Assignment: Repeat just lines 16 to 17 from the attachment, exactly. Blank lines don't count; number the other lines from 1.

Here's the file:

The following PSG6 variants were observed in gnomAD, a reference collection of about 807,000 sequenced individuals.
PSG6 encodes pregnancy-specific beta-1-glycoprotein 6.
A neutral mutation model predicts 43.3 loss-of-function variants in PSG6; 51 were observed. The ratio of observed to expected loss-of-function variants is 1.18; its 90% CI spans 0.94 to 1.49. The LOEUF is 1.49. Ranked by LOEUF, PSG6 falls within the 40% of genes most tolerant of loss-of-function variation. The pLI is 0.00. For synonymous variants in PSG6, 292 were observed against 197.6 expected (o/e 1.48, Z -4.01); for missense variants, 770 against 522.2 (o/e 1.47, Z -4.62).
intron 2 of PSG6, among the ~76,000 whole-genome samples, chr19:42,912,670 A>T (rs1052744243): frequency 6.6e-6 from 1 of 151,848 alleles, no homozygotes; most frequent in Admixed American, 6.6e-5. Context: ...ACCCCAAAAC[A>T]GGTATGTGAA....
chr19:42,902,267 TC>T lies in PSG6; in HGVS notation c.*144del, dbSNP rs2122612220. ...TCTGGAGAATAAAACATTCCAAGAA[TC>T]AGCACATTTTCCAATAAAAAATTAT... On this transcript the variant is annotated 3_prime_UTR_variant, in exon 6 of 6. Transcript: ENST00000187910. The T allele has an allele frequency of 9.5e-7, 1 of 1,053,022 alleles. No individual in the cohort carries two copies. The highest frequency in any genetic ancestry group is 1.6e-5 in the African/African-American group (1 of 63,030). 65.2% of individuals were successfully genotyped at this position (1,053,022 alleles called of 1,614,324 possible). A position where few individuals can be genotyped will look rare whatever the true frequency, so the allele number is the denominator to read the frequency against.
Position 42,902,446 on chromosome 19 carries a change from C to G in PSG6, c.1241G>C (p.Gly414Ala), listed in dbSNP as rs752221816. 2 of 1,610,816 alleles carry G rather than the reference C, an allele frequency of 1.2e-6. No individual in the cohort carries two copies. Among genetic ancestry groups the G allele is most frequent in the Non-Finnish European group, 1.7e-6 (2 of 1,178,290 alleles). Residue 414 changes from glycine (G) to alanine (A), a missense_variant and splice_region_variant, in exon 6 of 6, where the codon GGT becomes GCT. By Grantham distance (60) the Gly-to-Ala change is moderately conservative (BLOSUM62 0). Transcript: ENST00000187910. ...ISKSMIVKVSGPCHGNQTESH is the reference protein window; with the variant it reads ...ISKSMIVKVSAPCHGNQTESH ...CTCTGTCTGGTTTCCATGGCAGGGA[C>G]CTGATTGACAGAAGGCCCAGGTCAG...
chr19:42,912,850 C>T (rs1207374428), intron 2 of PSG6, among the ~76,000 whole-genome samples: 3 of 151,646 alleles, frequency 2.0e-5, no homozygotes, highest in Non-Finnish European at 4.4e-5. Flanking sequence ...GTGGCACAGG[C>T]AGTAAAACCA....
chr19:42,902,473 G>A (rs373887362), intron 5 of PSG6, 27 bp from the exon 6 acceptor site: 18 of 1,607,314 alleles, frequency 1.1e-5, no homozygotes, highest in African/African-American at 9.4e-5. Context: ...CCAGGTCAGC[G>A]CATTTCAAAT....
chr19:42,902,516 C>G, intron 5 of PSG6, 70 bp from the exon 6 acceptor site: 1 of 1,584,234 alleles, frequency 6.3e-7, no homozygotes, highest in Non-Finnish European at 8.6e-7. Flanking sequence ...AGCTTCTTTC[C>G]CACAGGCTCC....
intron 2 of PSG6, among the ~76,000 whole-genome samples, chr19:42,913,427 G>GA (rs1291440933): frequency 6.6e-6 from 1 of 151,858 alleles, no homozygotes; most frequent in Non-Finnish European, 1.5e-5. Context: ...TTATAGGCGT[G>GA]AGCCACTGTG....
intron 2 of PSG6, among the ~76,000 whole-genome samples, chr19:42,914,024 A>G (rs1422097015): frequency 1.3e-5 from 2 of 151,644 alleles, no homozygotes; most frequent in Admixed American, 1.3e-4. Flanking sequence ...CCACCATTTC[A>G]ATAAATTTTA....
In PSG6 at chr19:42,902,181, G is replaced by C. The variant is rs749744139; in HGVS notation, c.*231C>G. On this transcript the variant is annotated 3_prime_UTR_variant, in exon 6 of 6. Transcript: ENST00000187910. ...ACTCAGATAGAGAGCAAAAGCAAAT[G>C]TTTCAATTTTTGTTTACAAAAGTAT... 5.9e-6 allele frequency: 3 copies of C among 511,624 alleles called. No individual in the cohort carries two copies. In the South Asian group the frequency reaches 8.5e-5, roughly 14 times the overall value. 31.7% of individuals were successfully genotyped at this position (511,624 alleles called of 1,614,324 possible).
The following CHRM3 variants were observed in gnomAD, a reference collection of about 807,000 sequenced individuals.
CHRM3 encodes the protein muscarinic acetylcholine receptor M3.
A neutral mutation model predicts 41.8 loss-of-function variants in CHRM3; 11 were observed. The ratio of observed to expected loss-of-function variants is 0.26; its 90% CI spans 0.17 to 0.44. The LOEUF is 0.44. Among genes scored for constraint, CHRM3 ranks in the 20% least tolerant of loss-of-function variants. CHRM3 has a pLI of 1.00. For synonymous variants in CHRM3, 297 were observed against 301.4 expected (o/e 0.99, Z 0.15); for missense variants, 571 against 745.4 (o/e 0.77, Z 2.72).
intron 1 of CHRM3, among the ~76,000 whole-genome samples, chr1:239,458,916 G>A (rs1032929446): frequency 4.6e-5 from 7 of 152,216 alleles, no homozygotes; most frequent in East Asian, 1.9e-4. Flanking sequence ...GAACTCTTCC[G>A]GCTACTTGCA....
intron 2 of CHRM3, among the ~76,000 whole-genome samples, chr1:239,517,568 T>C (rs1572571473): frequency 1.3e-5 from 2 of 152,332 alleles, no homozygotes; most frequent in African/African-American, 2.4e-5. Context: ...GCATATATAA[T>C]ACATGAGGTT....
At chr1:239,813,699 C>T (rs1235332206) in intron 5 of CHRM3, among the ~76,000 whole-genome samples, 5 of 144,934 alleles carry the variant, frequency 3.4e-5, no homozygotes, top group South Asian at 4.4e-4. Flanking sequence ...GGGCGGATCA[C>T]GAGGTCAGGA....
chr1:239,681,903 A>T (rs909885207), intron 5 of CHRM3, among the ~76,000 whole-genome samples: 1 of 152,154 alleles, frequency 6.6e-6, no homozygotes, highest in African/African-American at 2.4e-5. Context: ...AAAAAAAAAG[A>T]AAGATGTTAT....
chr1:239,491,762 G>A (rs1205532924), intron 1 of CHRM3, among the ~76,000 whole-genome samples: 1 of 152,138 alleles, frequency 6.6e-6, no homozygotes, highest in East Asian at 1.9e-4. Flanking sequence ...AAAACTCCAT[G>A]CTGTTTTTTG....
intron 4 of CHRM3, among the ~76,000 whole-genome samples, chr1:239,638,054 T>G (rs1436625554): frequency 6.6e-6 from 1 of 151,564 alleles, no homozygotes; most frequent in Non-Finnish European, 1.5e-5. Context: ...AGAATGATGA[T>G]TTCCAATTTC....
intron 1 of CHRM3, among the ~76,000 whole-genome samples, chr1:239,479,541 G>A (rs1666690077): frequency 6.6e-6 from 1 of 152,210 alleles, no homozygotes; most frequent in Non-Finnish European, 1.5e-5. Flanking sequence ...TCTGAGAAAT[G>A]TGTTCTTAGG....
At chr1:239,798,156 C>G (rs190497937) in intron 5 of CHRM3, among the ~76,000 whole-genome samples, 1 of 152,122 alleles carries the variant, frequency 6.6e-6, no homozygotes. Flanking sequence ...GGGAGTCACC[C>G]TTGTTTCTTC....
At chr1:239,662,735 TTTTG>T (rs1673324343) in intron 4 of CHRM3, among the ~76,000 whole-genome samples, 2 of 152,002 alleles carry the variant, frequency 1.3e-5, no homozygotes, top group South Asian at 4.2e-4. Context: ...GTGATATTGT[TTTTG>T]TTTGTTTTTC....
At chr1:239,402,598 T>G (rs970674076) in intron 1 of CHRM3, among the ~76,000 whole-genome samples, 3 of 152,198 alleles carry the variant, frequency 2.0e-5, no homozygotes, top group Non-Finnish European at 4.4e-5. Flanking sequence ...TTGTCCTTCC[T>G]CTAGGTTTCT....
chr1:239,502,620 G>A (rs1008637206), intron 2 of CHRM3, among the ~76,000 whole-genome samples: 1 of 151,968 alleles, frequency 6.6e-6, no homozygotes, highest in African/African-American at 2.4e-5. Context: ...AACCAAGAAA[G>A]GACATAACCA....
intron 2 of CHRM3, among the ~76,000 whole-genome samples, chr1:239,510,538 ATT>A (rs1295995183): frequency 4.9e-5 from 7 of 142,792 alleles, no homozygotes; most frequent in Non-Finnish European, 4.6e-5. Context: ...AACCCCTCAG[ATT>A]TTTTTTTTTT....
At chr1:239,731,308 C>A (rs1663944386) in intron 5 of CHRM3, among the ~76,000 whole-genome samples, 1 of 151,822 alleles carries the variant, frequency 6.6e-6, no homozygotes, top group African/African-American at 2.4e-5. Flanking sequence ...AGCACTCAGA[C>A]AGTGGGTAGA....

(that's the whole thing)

intron 1 of CHRM3, among the ~76,000 whole-genome samples, chr1:239,458,916 G>A (rs1032929446): frequency 4.6e-5 from 7 of 152,216 alleles, no homozygotes; most frequent in East Asian, 1.9e-4. Flanking sequence ...GAACTCTTCC[G>A]GCTACTTGCA....
intron 2 of CHRM3, among the ~76,000 whole-genome samples, chr1:239,517,568 T>C (rs1572571473): frequency 1.3e-5 from 2 of 152,332 alleles, no homozygotes; most frequent in African/African-American, 2.4e-5. Context: ...GCATATATAA[T>C]ACATGAGGTT....